The Casting and Extrusion seems to be exposed to broader economic activity. They have some pretty complicated processes set up that would be hard for a customer to transfer to another supplier overnight. They are benefitting from the move to more aluminum being used on vehicles to reduce the weight of the vehicle and increase fuel efficiency.

The company pays a dividend and is currently yielding 5.8%. The market cap is about $260mil and EV is $237mil. There’s about 40 mil shares outstanding. The business operates in 15 different plants globally with over 5,000 employees and much of their execution relies on direct labour so they are subject to local wage pressures. The contracts can be longer in length to provide some stability, but can also have stepped increase in costs. If you haven’t picked up on it yet, his isn’t your compounder software stock that will trade at 10x revenue one day.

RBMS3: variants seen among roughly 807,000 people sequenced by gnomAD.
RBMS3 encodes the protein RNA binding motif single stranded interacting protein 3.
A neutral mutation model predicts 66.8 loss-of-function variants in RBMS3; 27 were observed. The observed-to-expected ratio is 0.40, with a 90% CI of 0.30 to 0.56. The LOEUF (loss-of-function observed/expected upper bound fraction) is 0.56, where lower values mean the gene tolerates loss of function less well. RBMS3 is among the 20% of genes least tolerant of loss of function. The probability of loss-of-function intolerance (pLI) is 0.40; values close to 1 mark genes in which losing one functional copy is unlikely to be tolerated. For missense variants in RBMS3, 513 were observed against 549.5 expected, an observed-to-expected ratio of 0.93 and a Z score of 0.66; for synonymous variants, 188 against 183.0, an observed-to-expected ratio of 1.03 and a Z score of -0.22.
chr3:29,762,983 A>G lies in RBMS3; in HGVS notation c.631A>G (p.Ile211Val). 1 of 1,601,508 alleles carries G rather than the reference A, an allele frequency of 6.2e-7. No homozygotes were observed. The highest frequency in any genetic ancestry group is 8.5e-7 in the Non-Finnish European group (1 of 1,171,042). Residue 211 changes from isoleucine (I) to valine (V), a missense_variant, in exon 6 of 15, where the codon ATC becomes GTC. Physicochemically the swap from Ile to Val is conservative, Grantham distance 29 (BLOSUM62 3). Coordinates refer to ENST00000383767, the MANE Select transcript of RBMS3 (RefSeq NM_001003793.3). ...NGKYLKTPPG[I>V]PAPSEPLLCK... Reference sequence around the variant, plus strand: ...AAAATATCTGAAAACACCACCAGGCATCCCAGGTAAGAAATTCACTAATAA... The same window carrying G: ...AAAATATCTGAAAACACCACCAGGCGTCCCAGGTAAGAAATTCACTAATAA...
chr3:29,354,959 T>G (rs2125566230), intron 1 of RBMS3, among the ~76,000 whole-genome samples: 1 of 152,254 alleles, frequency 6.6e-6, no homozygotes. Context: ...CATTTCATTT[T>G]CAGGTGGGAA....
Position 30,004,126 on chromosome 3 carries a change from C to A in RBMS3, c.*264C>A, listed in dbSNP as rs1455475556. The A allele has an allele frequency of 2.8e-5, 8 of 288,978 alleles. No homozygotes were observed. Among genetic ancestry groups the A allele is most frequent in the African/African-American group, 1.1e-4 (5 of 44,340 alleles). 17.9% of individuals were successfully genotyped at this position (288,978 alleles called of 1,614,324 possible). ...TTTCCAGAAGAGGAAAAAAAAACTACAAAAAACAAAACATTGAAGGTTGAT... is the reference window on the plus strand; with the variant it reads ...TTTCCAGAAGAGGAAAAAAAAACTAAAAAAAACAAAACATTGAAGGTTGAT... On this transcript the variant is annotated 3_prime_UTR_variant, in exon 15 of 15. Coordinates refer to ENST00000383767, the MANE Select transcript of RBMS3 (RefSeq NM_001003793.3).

Business Performance

On the surface the business looks like it’s been in decline. The main result is from them selling off an underperforming part of the business (ALC – Automotive Leather Company). Gross margins have remained consistent over the last few years. Operating margins have been stable to slightly downward as operating expenses have ticked up a little.

Balance Sheet

The CEO mentioned on the latest call that they are not an aggressive business that will lever up the balance sheet with a ton of debt to do an acquisition. They have only been above 1x Ebitda in debt for a very brief period over the last 10 years and that was in 2016 when they acquired AFX Industries. After the purchase of ALC in 2014, they landed just over 0.60 d:ebitda. The debt was quickly reduced. They have a $0.60 in net cash at the moment.